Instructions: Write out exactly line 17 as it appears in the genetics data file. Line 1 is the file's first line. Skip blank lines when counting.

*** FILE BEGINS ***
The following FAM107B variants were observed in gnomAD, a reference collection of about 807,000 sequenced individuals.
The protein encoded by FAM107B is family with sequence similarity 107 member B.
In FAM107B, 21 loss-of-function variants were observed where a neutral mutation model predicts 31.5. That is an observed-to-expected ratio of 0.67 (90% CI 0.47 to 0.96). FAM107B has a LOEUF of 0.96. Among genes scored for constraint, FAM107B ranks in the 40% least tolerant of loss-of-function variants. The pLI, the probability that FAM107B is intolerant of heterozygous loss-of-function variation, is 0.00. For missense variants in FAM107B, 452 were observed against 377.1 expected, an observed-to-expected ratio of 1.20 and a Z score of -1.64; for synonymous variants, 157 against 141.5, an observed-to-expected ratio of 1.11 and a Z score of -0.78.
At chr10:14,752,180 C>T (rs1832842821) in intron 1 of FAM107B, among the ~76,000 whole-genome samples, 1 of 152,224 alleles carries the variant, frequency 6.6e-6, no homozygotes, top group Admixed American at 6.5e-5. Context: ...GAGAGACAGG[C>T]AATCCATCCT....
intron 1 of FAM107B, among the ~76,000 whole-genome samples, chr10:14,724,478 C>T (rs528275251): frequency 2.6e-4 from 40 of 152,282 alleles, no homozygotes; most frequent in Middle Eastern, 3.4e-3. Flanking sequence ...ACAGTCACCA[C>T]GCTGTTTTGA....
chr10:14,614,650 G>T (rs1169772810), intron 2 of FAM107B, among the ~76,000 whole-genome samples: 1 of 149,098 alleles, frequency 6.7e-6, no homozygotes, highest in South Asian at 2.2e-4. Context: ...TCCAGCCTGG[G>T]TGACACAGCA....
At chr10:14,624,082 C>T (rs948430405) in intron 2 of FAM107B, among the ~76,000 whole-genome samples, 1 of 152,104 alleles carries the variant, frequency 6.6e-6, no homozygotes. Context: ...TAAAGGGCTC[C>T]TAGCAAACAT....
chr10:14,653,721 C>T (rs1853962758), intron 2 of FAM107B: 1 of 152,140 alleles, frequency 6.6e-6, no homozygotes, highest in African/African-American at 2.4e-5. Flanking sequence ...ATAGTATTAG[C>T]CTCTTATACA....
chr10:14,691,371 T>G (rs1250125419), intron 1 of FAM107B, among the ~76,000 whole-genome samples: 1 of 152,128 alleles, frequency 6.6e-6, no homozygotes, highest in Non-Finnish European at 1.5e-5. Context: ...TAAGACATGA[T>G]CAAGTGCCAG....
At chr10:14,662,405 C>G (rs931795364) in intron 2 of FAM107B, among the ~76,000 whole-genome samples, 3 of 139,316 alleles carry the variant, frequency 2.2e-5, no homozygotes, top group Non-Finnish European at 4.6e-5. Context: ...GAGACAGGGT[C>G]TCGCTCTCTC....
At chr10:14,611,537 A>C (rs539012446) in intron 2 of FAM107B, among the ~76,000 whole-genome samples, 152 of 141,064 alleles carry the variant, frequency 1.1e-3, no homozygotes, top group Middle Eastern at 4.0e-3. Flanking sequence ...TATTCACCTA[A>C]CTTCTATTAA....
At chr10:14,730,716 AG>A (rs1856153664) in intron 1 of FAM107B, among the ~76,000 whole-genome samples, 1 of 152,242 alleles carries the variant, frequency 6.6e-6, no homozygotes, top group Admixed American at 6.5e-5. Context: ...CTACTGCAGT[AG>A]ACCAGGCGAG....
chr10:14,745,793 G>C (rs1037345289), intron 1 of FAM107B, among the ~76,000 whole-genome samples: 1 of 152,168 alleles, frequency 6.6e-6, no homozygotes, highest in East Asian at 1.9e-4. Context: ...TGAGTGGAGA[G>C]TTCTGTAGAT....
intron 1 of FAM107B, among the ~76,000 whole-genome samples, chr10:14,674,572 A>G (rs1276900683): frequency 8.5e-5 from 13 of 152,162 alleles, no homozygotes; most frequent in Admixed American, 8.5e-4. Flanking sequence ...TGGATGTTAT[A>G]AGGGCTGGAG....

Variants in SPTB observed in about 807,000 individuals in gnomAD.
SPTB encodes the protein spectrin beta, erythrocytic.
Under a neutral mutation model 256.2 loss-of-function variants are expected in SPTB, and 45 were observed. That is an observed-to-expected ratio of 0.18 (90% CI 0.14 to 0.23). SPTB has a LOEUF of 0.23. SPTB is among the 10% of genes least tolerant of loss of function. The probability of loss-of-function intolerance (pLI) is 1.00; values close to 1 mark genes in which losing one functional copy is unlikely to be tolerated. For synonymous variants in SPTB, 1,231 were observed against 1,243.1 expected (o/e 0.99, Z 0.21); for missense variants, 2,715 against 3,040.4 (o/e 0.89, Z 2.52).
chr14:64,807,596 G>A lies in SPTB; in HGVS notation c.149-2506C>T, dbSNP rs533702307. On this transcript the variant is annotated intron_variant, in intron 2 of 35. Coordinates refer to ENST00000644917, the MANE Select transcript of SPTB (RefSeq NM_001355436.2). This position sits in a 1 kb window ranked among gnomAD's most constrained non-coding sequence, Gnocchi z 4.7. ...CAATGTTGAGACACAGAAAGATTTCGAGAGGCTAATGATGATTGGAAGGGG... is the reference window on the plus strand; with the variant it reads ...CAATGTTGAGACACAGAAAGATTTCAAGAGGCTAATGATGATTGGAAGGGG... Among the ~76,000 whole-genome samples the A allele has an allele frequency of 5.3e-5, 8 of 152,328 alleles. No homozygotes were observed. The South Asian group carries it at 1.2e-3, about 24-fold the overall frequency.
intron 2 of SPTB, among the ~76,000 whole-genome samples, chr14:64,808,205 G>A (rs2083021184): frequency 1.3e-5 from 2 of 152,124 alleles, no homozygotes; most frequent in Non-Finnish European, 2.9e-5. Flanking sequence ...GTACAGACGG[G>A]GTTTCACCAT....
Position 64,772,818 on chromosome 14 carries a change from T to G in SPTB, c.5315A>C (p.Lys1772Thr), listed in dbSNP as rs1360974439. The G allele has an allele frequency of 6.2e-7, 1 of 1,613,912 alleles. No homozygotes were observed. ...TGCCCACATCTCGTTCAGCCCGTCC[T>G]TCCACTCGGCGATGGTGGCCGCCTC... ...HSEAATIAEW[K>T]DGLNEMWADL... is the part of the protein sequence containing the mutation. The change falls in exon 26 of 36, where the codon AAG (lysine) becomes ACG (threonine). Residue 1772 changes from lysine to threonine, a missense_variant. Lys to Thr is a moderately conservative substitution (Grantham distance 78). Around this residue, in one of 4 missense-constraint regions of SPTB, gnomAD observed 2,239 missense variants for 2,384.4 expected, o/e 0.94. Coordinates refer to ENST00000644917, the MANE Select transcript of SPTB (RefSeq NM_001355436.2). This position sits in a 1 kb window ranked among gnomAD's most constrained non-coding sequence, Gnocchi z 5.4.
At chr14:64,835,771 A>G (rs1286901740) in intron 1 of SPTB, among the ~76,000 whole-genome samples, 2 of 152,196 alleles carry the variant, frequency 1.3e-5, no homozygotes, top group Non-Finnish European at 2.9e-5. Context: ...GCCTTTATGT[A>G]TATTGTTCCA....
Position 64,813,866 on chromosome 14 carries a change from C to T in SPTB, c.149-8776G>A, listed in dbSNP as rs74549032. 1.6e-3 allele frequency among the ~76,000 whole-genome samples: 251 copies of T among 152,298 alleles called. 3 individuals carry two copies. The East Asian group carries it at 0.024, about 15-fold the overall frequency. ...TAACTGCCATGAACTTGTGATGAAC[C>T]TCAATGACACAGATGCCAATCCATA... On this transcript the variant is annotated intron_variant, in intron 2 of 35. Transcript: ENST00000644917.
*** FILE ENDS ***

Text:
Under a neutral mutation model 256.2 loss-of-function variants are expected in SPTB, and 45 were observed. That is an observed-to-expected ratio of 0.18 (90% CI 0.14 to 0.23). SPTB has a LOEUF of 0.23. SPTB is among the 10% of genes least tolerant of loss of function. The probability of loss-of-function intolerance (pLI) is 1.00; values close to 1 mark genes in which losing one functional copy is unlikely to be tolerated. For synonymous variants in SPTB, 1,231 were observed against 1,243.1 expected (o/e 0.99, Z 0.21); for missense variants, 2,715 against 3,040.4 (o/e 0.89, Z 2.52).